Pentagon misses deadline for new policies on Guantánamo detainees, transfers: report

Pentagon misses deadline for new policies on Guantánamo detainees, transfers: report
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The Pentagon has reportedly missed a deadline set by President TrumpDonald John TrumpFive landmark moments of testimony to Congress Lindsey Graham basks in the impeachment spotlight Democrats sharpen their message on impeachment MORE to develop policies for the transfer of new detainees from the battlefield to Guantánamo Bay.

Trump in January signed an executive order keeping the controversial detention facility open, and ordered Defense Secretary James MattisJames Norman MattisFormer Mattis staffer: Trump 'shooting himself in the foot' on foreign policy Former staffer hits back at Mattis's office over criticism of tell-all book Former speechwriter for General James Mattis: Has the national security state grappled with Donald Trump? MORE to recommend how the U.S. should handle individuals captured fighting “in connection with an armed conflict, including policies governing transfer of individuals to U.S. Naval Station Guantánamo Bay.”

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Defense officials told CNN that these recommendations are still in the works, and that the Pentagon missed Tuesday's deadline.

"The Department of Defense is in the final stages of providing a recommendation to the White House on policies regarding the disposition of individuals captured in connection with an armed conflict. This includes policies governing transfer of individuals to the detention facility at US Naval Station Guantánamo Bay," an unidentified official said Tuesday.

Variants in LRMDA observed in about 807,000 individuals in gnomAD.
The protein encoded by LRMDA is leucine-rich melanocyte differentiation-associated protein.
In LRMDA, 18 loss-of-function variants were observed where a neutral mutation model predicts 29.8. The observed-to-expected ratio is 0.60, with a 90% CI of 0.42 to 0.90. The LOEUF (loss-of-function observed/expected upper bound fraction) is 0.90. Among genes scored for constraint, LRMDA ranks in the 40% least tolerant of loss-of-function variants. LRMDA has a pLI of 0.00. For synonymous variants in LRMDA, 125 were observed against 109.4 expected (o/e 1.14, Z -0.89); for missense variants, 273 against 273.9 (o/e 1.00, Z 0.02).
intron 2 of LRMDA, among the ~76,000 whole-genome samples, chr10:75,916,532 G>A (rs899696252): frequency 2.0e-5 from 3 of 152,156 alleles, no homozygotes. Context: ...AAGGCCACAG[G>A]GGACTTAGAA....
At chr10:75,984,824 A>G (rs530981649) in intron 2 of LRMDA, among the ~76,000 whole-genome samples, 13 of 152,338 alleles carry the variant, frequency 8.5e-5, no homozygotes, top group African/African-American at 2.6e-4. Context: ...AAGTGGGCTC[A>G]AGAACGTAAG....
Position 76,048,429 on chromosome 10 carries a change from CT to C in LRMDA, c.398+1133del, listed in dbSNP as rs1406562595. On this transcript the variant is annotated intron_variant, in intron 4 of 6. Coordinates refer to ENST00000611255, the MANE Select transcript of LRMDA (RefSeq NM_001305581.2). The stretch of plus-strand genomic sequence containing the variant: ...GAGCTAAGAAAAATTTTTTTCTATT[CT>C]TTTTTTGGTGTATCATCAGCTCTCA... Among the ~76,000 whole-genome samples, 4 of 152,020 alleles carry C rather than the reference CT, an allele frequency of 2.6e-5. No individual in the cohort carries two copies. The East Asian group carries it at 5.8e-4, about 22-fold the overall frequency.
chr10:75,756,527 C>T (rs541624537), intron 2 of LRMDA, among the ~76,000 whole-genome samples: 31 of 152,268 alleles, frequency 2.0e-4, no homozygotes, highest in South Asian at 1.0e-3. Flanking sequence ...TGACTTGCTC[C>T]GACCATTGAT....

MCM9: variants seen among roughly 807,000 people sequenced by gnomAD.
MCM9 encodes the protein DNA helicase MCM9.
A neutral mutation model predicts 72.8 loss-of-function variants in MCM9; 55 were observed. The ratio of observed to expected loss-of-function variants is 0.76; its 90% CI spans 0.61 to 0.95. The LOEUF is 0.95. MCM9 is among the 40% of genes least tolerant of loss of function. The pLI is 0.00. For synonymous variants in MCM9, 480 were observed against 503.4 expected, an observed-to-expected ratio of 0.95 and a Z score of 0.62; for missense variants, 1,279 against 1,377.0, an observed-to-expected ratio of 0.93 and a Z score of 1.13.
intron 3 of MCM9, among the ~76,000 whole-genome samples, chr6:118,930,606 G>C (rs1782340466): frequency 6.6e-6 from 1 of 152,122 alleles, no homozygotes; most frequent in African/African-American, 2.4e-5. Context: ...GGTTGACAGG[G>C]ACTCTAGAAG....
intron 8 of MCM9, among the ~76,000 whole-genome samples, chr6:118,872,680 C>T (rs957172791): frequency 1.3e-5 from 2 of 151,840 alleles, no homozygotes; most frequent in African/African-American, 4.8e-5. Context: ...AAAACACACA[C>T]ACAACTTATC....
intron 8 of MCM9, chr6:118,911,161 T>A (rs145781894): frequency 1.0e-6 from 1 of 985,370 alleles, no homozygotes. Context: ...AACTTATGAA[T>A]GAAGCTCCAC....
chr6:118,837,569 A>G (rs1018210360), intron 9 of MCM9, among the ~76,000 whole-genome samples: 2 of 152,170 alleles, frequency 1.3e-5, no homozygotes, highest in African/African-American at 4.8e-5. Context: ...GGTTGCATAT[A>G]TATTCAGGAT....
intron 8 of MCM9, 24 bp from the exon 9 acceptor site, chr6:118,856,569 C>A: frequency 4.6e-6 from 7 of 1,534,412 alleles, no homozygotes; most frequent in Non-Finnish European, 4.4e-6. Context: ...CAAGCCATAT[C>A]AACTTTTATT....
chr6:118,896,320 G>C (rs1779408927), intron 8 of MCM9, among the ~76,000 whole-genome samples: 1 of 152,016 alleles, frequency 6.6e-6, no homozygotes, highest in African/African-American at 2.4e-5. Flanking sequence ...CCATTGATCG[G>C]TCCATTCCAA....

Mattis added to reporters Monday night that he was unconcerned with the deadline.

"Right now I'm not working that issue," he said.

The defense chief went on to say that the Trump administration is in contact with detainees' home countries to determine citizenship status of captured Islamic State in Iraq and Syria fighters, noting that many have had their status stripped due to their decision to join the terrorist group.

"We have been engaging with their home countries. Home being the country they were a citizen of when they left to go fight. Now, in some cases, those countries have stripped them of their citizenship, so they have a different view as far as what their status is today. So this is not simple," Mattis said.

"Now that's being worked principally, of course, by State Department, and we're giving all the support that we can," he adds.